A. Every insurance company has its own policy regarding this. If you decide to go ahead with surgery, our staff will work with you and your insurance company to obtain the appropriate precertification approval. You need to familiarize yourself with your individual insurance policy in order to provide our office with essential referral forms and other information necessary to expedite the preoperative process, however we will take care of the process for you. You will not be required to call your insurance company or send in any information regarding your precertification.

Q. What can I expect at my first visit?
A. Your first visit will be a consultation with the surgeon. You will be questioned regarding your medical history. Detailed information will be necessary regarding previous attempts and failures at weight loss programs. We would like you to bring a list of the medications you are currently taking. Patients who wish to proceed with surgery will be given a list of required tests that need to be completed prior to surgery. These tests can all be done here or if necessary, they can be done at an institution close to your residence.

Q. What can I expect if I decide to go ahead with surgery?
A. The preoperative process usually takes four to eight weeks to complete. You are required to arrange a subsequent appointment at the office to review the results of your tests as well as to discuss the surgery and sign the informed consent forms. At this visit you should be accompanied by a family member, spouse, or significant other who will be your support system before and after surgery.

Q. Are there special instructions for the one to two weeks before my surgery?
A. We recommend that patients who smoke refrain from smoking for three weeks prior to surgery because of the increased risks of pulmonary complications. Patients who take Aspirin, Motrin, or Motrin-like products, Aleve, or special non-steroidal drugs for arthritis or joint pain must stop these 3 days before surgery. These medications interfere with blood coagulation. Failure to recognize this will result in increased blood loss during the surgery. Tylenol is safe to take.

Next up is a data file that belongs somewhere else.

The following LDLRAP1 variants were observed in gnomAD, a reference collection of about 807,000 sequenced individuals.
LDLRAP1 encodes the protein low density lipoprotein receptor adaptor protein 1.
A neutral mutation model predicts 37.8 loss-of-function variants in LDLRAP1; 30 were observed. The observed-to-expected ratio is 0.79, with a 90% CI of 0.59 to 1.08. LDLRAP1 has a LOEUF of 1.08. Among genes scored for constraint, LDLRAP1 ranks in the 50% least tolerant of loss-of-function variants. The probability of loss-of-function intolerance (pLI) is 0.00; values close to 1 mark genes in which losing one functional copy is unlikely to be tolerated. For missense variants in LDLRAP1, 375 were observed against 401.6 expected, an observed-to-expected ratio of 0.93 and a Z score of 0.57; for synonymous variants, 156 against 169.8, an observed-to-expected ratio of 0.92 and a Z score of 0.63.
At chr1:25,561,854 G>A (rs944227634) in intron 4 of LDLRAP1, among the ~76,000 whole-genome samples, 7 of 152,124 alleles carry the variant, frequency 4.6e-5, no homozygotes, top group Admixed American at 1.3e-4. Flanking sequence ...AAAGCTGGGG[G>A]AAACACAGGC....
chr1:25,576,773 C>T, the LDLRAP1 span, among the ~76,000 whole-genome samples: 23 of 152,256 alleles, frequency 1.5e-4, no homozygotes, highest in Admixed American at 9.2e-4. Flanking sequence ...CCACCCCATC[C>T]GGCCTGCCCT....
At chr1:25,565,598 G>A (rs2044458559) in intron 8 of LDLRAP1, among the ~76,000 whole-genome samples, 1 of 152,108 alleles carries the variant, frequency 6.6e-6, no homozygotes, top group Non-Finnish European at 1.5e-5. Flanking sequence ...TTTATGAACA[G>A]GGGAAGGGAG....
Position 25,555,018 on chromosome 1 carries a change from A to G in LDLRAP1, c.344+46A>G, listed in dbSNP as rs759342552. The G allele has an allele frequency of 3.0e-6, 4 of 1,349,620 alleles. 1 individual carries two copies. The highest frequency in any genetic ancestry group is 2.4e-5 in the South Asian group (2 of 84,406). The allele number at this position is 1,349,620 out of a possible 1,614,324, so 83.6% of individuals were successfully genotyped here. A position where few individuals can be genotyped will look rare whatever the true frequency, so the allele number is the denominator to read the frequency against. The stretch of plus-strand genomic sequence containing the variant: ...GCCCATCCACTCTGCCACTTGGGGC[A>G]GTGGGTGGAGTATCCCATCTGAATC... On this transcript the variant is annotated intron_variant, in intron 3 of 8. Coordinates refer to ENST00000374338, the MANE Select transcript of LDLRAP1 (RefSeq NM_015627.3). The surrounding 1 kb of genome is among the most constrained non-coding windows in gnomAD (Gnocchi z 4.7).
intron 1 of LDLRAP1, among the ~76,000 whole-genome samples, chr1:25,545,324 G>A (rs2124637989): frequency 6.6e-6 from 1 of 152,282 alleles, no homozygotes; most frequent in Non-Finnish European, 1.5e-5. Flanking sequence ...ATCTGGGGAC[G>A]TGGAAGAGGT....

We encourage patients to maintain a healthy, well balanced, low fat diet prior to surgery. It is absolutely necessary to avoid binge eating in the days prior to surgery. Failure to do this can result in increased size of the liver, complicating the surgical procedure. We also encourage patients to avoid alcohol for two weeks prior to surgery.

Q. What is Pre-Admission Testing?
A. Patients are required to visit the Hospital at which they are having surgery several days prior to the scheduled surgery date. During this visit, patients will meet with anesthesia and nursing personnel. Additional testing, including blood work may be done during this visit to complete the preoperative preparation.

Q. What can I expect the day of surgery?
A. Patients must take nothing by mouth after midnight the night before surgery. You may brush your teeth and rinse with a small amount of water. Anesthesiologists may give specific directions for medications either the night before or the morning of the surgery. Patients are expected to be in the Admitting Office of the Hospital two hours prior to their scheduled surgery.

Q. What will my recovery be like?
A. Immediately after surgery, patients are taken to the Recovery Room where they are closely monitored. The surgeon will meet with families immediately after surgery at the family waiting area near the Operating Room. If families are not present at the conclusion of surgery, a call to a family member can be made at your request.

Respiratory support is continued until patients demonstrate that they can breathe spontaneously and sufficiently to maintain adequate oxygen levels in the blood. The breathing tube may result in a minor temporary sore throat after its removal. Patients usually stay in the recovery room approximately 2 hours and are then sent to their hospital room or in the case of same day surgery, sent home. Family members are usually allowed to visit the patient for a few minutes while in the recovery room. Pain is usually minimal and controlled with IV medication or pain pills. Patients are sent home with a prescription for narcotic pain meds for the first few days.

Q. How many days will I be in the hospital?
A. You should expect to leave the hospital the day after surgery unless you have arranged to be sent home on the same day. If you would like to be sent home on the same day, you must discuss this with the surgeon ahead of time so that appropriate arrangements can be made.

Q. When will I be able to drive?
A. You may drive 3 days after your surgery date. After that, it is okay as long as you feel up to it and you are not taking narcotic pain medications.

Q. Will there be any discomfort after my surgery?
A. You can expect some incisional discomfort beginning immediately after surgery. The pain will diminish each day. You will be discharged on oral narcotic pain medication, if necessary. Otherwise you may take Extra-Strength Tylenol.

Q. Can I take over-the-counter medications after my surgery?